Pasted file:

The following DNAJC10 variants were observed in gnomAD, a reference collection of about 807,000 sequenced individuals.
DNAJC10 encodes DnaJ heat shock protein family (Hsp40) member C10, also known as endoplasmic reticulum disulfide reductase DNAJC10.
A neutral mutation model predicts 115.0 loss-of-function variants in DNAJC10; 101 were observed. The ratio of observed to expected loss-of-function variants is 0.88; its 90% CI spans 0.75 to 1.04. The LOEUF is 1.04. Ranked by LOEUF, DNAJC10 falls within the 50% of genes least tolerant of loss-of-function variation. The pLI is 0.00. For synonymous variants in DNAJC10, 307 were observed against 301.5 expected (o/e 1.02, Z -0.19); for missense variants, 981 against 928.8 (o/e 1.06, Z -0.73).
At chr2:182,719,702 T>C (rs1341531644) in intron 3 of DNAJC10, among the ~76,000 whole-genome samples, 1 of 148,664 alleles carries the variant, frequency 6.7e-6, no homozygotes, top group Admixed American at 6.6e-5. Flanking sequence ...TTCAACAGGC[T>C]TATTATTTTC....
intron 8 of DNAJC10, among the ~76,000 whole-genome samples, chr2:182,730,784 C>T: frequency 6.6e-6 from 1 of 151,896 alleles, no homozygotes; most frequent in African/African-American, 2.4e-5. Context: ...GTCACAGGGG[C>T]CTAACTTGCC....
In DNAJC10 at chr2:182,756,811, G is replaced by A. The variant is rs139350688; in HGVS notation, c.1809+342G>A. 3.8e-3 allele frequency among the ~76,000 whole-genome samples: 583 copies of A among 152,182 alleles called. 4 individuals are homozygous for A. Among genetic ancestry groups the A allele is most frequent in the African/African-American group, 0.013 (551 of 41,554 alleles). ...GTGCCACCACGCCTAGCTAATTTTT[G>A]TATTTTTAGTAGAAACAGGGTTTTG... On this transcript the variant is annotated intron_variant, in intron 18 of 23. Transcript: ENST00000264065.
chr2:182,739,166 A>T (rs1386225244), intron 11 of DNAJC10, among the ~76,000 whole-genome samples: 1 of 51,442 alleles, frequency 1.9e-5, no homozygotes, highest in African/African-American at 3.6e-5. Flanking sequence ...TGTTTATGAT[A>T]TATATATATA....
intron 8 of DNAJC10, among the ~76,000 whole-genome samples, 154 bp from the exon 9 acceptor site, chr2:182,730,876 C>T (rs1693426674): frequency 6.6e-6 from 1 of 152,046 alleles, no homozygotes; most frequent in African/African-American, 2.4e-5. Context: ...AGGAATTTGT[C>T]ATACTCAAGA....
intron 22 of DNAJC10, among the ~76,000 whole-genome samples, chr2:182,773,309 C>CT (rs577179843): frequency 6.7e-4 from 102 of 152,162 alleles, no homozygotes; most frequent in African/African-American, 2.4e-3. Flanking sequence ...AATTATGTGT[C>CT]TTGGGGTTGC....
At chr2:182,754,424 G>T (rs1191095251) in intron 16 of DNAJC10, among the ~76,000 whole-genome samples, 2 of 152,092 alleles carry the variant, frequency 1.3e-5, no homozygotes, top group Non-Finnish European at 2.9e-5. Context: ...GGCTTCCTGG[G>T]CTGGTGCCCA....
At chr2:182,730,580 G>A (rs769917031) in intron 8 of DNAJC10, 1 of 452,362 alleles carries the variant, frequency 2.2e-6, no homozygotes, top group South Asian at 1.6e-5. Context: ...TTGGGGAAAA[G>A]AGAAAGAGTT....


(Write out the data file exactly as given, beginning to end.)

The following DNAJC10 variants were observed in gnomAD, a reference collection of about 807,000 sequenced individuals.
DNAJC10 encodes DnaJ heat shock protein family (Hsp40) member C10, also known as endoplasmic reticulum disulfide reductase DNAJC10.
A neutral mutation model predicts 115.0 loss-of-function variants in DNAJC10; 101 were observed. The ratio of observed to expected loss-of-function variants is 0.88; its 90% CI spans 0.75 to 1.04. The LOEUF is 1.04. Ranked by LOEUF, DNAJC10 falls within the 50% of genes least tolerant of loss-of-function variation. The pLI is 0.00. For synonymous variants in DNAJC10, 307 were observed against 301.5 expected (o/e 1.02, Z -0.19); for missense variants, 981 against 928.8 (o/e 1.06, Z -0.73).
At chr2:182,719,702 T>C (rs1341531644) in intron 3 of DNAJC10, among the ~76,000 whole-genome samples, 1 of 148,664 alleles carries the variant, frequency 6.7e-6, no homozygotes, top group Admixed American at 6.6e-5. Flanking sequence ...TTCAACAGGC[T>C]TATTATTTTC....
intron 8 of DNAJC10, among the ~76,000 whole-genome samples, chr2:182,730,784 C>T: frequency 6.6e-6 from 1 of 151,896 alleles, no homozygotes; most frequent in African/African-American, 2.4e-5. Context: ...GTCACAGGGG[C>T]CTAACTTGCC....
In DNAJC10 at chr2:182,756,811, G is replaced by A. The variant is rs139350688; in HGVS notation, c.1809+342G>A. 3.8e-3 allele frequency among the ~76,000 whole-genome samples: 583 copies of A among 152,182 alleles called. 4 individuals are homozygous for A. Among genetic ancestry groups the A allele is most frequent in the African/African-American group, 0.013 (551 of 41,554 alleles). ...GTGCCACCACGCCTAGCTAATTTTT[G>A]TATTTTTAGTAGAAACAGGGTTTTG... On this transcript the variant is annotated intron_variant, in intron 18 of 23. Transcript: ENST00000264065.
chr2:182,739,166 A>T (rs1386225244), intron 11 of DNAJC10, among the ~76,000 whole-genome samples: 1 of 51,442 alleles, frequency 1.9e-5, no homozygotes, highest in African/African-American at 3.6e-5. Flanking sequence ...TGTTTATGAT[A>T]TATATATATA....
intron 8 of DNAJC10, among the ~76,000 whole-genome samples, 154 bp from the exon 9 acceptor site, chr2:182,730,876 C>T (rs1693426674): frequency 6.6e-6 from 1 of 152,046 alleles, no homozygotes; most frequent in African/African-American, 2.4e-5. Context: ...AGGAATTTGT[C>T]ATACTCAAGA....
intron 22 of DNAJC10, among the ~76,000 whole-genome samples, chr2:182,773,309 C>CT (rs577179843): frequency 6.7e-4 from 102 of 152,162 alleles, no homozygotes; most frequent in African/African-American, 2.4e-3. Flanking sequence ...AATTATGTGT[C>CT]TTGGGGTTGC....
At chr2:182,754,424 G>T (rs1191095251) in intron 16 of DNAJC10, among the ~76,000 whole-genome samples, 2 of 152,092 alleles carry the variant, frequency 1.3e-5, no homozygotes, top group Non-Finnish European at 2.9e-5. Context: ...GGCTTCCTGG[G>T]CTGGTGCCCA....
At chr2:182,730,580 G>A (rs769917031) in intron 8 of DNAJC10, 1 of 452,362 alleles carries the variant, frequency 2.2e-6, no homozygotes, top group South Asian at 1.6e-5. Context: ...TTGGGGAAAA[G>A]AGAAAGAGTT....